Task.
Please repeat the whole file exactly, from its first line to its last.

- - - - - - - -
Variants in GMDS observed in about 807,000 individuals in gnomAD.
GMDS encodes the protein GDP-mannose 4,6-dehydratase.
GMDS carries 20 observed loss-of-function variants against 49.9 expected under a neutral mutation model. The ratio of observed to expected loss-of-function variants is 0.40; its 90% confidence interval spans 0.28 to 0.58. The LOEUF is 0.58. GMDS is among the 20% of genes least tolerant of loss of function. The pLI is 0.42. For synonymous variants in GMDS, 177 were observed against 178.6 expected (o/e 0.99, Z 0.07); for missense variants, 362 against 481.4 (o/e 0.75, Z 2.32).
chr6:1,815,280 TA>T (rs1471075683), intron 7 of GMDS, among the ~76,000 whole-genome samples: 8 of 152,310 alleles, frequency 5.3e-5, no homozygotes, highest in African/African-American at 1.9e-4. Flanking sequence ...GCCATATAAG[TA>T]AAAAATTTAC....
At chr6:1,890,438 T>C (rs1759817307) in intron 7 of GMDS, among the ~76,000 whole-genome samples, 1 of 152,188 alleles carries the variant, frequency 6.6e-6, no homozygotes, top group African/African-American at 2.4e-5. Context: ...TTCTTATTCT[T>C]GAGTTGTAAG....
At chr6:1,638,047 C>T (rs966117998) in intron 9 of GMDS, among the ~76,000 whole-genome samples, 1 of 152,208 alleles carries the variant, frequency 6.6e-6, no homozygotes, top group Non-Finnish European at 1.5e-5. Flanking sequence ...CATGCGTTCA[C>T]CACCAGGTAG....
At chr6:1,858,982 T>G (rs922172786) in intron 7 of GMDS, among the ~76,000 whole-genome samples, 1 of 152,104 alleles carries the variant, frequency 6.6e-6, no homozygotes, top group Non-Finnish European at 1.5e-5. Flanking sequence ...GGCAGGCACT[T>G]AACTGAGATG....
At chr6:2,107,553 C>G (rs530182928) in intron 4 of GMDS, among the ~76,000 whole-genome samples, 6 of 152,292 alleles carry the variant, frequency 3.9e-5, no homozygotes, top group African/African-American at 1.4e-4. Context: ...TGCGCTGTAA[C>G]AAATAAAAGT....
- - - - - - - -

Variants in GMDS observed in about 807,000 individuals in gnomAD.
GMDS encodes the protein GDP-mannose 4,6-dehydratase.
GMDS carries 20 observed loss-of-function variants against 49.9 expected under a neutral mutation model. The ratio of observed to expected loss-of-function variants is 0.40; its 90% confidence interval spans 0.28 to 0.58. The LOEUF is 0.58. GMDS is among the 20% of genes least tolerant of loss of function. The pLI is 0.42. For synonymous variants in GMDS, 177 were observed against 178.6 expected (o/e 0.99, Z 0.07); for missense variants, 362 against 481.4 (o/e 0.75, Z 2.32).
chr6:1,815,280 TA>T (rs1471075683), intron 7 of GMDS, among the ~76,000 whole-genome samples: 8 of 152,310 alleles, frequency 5.3e-5, no homozygotes, highest in African/African-American at 1.9e-4. Flanking sequence ...GCCATATAAG[TA>T]AAAAATTTAC....
At chr6:1,890,438 T>C (rs1759817307) in intron 7 of GMDS, among the ~76,000 whole-genome samples, 1 of 152,188 alleles carries the variant, frequency 6.6e-6, no homozygotes, top group African/African-American at 2.4e-5. Context: ...TTCTTATTCT[T>C]GAGTTGTAAG....
At chr6:1,638,047 C>T (rs966117998) in intron 9 of GMDS, among the ~76,000 whole-genome samples, 1 of 152,208 alleles carries the variant, frequency 6.6e-6, no homozygotes, top group Non-Finnish European at 1.5e-5. Flanking sequence ...CATGCGTTCA[C>T]CACCAGGTAG....
At chr6:1,858,982 T>G (rs922172786) in intron 7 of GMDS, among the ~76,000 whole-genome samples, 1 of 152,104 alleles carries the variant, frequency 6.6e-6, no homozygotes, top group Non-Finnish European at 1.5e-5. Flanking sequence ...GGCAGGCACT[T>G]AACTGAGATG....
At chr6:2,107,553 C>G (rs530182928) in intron 4 of GMDS, among the ~76,000 whole-genome samples, 6 of 152,292 alleles carry the variant, frequency 3.9e-5, no homozygotes, top group African/African-American at 1.4e-4. Context: ...TGCGCTGTAA[C>G]AAATAAAAGT....